As Concha Herrero demonstrates in one of the essays that are included in this book, the importance of tapestries in the decoration of courtly celebrations assigned them since the 15th century a predominant place as official art; and, as essential elements of the most varied ceremonies and parties - triumphal entries, coronations, tournaments, royal weddings, etc. - enjoyed a leading role that lasted throughout the eighteenth century.
The nature of the tapestries made them easy to transport due to the flexibility of their fibers and the adaptability of their structure. Susceptible to different spatial combinations, they could indistinctly upholster interior or exterior spaces and create silk cameras or wall hangings. On the other hand, its use, no longer decorative or representative, but merely practical as a means of acclimatizing noble homes in the Modern Age, guaranteed its survival as a stable element in Western artistic production.
The use of the tapestry as a natural support for the representation of episodes of Don Quixote should not be related only to the extraordinary international predicament that the novel reached soon - which led to large representations of his scenes in a variety of media and through all kinds of techniques -, but with the own personal connection of the first Spanish bourbon with the figure of the Cervantino hero. The future Felipe V was occupied in his childhood, as part of his education, in serious readings, analysis and translation of the masterpiece of Cervantes.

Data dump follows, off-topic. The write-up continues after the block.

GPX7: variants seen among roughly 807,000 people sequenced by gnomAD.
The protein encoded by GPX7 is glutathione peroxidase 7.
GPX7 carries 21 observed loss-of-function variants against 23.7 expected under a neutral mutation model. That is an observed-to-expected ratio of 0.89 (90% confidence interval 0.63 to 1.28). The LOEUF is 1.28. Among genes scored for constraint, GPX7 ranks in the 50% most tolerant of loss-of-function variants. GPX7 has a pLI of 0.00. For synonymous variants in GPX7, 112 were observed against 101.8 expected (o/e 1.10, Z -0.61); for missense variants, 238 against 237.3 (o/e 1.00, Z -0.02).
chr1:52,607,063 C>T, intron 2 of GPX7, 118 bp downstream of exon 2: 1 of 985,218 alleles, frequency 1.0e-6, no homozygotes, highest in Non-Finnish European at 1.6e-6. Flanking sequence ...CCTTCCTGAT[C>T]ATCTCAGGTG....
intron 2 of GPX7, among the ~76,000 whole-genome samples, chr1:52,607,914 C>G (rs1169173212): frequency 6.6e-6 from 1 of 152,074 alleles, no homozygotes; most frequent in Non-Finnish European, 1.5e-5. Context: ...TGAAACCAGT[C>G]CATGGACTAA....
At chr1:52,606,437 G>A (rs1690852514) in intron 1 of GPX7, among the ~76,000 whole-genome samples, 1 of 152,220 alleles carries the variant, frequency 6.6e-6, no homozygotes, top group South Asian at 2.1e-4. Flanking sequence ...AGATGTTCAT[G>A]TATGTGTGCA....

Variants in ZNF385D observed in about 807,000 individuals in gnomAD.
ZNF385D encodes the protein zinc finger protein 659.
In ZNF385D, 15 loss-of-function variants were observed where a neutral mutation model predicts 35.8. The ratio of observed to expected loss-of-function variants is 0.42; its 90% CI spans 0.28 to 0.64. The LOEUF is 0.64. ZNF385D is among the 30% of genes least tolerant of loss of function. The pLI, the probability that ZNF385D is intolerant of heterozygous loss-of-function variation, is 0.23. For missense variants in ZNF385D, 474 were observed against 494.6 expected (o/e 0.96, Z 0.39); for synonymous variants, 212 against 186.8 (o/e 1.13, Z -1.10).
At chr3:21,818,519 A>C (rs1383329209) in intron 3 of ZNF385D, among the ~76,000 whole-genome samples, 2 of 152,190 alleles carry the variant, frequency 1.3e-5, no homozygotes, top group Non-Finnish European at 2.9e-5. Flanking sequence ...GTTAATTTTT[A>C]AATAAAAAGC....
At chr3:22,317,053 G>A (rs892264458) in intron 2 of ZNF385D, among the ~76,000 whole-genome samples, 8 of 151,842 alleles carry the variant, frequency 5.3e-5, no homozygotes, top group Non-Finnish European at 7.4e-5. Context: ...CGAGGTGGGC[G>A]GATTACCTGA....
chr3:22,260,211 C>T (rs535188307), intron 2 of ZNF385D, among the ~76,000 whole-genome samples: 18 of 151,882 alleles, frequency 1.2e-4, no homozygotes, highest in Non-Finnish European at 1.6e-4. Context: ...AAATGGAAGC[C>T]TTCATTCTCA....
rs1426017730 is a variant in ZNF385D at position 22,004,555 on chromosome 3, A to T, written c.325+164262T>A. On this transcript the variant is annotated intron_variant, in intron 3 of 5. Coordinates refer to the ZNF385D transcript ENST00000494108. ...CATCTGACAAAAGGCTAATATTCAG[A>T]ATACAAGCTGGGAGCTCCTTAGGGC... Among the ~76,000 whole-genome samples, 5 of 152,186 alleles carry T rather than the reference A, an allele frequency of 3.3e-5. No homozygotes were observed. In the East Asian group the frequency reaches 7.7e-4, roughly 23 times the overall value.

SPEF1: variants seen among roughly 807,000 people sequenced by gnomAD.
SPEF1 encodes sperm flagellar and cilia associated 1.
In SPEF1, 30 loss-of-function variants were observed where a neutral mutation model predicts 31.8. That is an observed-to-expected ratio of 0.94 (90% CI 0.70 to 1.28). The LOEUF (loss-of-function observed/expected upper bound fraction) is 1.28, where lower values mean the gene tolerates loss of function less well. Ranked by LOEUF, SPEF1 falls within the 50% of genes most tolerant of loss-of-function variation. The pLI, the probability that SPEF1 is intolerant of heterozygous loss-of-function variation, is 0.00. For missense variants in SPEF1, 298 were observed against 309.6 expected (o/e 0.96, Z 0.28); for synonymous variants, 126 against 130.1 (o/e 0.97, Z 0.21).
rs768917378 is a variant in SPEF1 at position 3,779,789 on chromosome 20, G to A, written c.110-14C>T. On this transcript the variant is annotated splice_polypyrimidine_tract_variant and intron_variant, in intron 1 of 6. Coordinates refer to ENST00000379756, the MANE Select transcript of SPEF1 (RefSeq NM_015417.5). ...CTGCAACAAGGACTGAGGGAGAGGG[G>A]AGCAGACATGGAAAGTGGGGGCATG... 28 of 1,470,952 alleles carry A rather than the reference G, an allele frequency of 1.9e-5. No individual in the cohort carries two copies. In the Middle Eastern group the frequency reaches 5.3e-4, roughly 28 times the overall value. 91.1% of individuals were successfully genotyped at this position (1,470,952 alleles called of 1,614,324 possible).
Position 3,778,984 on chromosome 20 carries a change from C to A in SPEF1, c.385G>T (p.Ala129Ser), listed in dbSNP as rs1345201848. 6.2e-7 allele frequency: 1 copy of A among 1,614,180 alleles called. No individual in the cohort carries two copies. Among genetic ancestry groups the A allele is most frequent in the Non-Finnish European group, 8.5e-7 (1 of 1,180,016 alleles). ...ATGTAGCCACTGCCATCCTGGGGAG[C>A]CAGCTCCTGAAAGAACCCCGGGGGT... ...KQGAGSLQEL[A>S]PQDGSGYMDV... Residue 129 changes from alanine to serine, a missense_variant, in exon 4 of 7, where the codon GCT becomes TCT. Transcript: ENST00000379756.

Don Quixote, like Alexander, contributed to the young prince some facets of the ideal educational model on which the course of his instruction was based. Already as king, the brilliant cultural policy developed by Philip V made it possible for real manufactures to acquire considerable momentum, in the context of which the various eighteenth-century representations of Quixote iconography on tapìz can be placed. With the superb collection of cloths that treasure the National Heritage collections, an exhibition was held in 2005 and 2006 at the Meadows Museum in Dallas and at the Santa Cruz de Toledo Museum, of which this book, edited jointly by the State Society for Foreign Cultural Action and Editions El Viso, is the catalog. On the occasion of this publication, met essays of notable international specialists that address various aspects related to this artistic group: the iconographic fortune of Don Quixote, its importance in the education of Felipe V, the cultural policy of the monarch, the presence of Quixote in the Tapestry of the Enlightenment, the Royal Tapestry Factory of Madrid, etc., in a volume of bilingual edition that has revealed itself as an essential bibliographical reference for the study of Spanish 18th century tapestry and culture.
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